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Vinod Khosla, Khosla Ventures spoke @FailCon in October. Cathy Brooks moderated the session. Many thanks to Cathy for responding to my raised eyebrows & distress from the audience, to allow me to refute what Vinod was saying !
Vinod Khosla is an entrepreneur, investor, failure expert and technology fan. He is the founder of Khosla Ventures, focused on impactful clean technology and information technology investments. Mr. Khosla has a few decades of first hand failure experience across several sectors as a founder, incubator, investor, and advisor: from his first soy milk startup in the 70’s to several high profile venture investments throughout the 90’s and 2000’s. Mr. Khosla was also a co-founder of Daisy systems and founding CEO of Sun Microsystems where he pioneered open systems and commercial RISC processors. One of Mr. Khosla’s greatest passions is being a mentor to entrepreneurs, assisting entrepreneurs and helping them build technology based businesses. He is also passionate about Social Entrepreneurship. Vinod holds a Bachelor of Technology in Electrical Engineering from IIT, New Delhi, a Master’s in Biomedical Engineering from Carnegie Mellon University and an MBA from the Stanford Graduate School of Business.
The transcript follows & video above
So I’ll give you my bias. How many people here are over the age of 30? (Many people raise their hands in the audience!)
I find that people fundamentally stop trying new things after the age of 30. And it’s great that all of you are here. I’m over 30 so I can say that. After 45 people basically die. They keep doing what they were doing before & it’s the worst thing that can happen. The fundamental notion is that if you don’t try something new, you’re not going to do anything new. It’s sort of self evident. People want to do something new but they don’t want to take any risk. And to try new things first to me it’s like being alive! It’s about trying new things, trying new experiences.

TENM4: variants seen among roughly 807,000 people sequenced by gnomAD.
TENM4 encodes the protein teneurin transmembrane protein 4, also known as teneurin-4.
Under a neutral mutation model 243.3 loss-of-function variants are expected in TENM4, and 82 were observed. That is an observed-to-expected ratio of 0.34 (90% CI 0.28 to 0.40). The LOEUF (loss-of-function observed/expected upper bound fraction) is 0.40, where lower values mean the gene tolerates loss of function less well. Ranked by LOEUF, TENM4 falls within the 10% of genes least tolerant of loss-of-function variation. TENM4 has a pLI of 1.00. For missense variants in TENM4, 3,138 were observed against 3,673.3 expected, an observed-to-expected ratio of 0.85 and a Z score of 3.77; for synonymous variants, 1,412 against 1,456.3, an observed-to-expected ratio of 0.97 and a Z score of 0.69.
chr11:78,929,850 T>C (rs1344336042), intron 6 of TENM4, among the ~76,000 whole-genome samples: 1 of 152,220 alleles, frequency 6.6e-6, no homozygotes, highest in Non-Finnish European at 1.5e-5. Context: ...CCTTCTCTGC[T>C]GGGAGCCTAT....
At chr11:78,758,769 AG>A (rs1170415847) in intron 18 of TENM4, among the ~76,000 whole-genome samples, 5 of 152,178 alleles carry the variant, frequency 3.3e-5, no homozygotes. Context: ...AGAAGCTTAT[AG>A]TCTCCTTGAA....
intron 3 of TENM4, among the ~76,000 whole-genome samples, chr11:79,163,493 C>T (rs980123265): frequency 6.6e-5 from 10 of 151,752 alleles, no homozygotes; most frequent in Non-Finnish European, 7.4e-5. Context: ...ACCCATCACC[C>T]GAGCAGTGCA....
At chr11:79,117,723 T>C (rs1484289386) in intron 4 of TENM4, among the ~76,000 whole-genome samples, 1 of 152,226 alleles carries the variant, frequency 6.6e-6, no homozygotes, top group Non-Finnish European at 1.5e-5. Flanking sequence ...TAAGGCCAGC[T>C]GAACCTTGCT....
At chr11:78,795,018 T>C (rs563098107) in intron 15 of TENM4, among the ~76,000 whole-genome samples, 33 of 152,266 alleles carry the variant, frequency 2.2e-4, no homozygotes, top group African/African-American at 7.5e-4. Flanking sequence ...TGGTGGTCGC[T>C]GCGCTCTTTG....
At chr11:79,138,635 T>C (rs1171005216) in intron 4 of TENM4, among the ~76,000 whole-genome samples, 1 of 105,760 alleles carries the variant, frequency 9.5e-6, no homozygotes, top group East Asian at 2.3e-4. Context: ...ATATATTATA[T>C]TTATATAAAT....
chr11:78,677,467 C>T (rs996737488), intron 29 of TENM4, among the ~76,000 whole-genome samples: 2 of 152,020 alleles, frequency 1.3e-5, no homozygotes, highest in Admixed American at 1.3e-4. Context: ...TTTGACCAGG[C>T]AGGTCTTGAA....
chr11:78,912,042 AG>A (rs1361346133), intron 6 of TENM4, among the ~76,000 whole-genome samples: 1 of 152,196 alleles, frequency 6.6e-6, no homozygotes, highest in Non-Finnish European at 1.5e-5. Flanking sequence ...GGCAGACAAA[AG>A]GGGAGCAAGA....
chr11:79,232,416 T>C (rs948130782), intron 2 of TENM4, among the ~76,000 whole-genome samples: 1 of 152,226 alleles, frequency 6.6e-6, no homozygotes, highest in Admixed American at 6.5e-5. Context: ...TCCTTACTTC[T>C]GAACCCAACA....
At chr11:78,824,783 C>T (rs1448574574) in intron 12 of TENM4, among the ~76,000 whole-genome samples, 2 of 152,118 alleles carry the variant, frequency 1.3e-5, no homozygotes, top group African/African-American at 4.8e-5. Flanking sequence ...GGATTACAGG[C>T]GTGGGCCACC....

Moderator Cathy Brooks: I was actually watching as eyebrows were raised independently & I heard a gasp when you said that people die after 45.
Pemo: I’m here to refute that Vinod. I’m 59 & I failed at getting venture last year in London, after 5 years. And instead of crying into my soup, what I did was that I had promised years ago to help women raise venture. So I started a project video interviewing vcs, angels & women founders on the shortfall in funding for women. I’m wondering if you would give us some advice for women who are sourcing venture. (I know we’re in a similar situation to the Indians in Silicon Valley many years ago.) I wondered if you’ve got any pertinent advice from that model that would support women in raising venture now.
Ok let me answer that question but let’s be sure to come back to the original question which I didn’t answer. I wandered off as usual, about what to do after graduation. I don’t mean to avoid questions, I just forget & I wander off. I’m 56 so I say because I’m encouraging people to stop doing what they used to be doing & stop becoming creatures of habit & find new things. Because it’s a lot more fun if you allow yourself failure. It’s a lot more real living & being alive to try new things. I personally don’t believe (& I grew up in Silicon Valley so maybe this is a biased statement?) that there’s any difference between young & old, women & men, in trying new things or how much venture capitalists accept or reject that idea “I won’t fund women!”. I don’t buy that! But I can easily see how it might be true in other locations, in other cultures. I just don’t have any experience with that. But San Francisco is an unusually open & accepting place so maybe I have a biased view of the world. I never really saw any bias against me being Indian when I was starting out. Even though there weren’t many Indians in Silicon Valley, & so I cringe a little bit.
So role models in every area no matter what part of the world you are at, is the single biggest way to encourage an entrepreneurial environment. All the government programs usually don’t lead in anything. People sitting in secure bureacratic jobs trying to encourage you to innovate. Or design entrepreneurial programs when they’ve never been through one. They don’t know what success is, what failure is!
Here is the bulk of Vinod’s talk.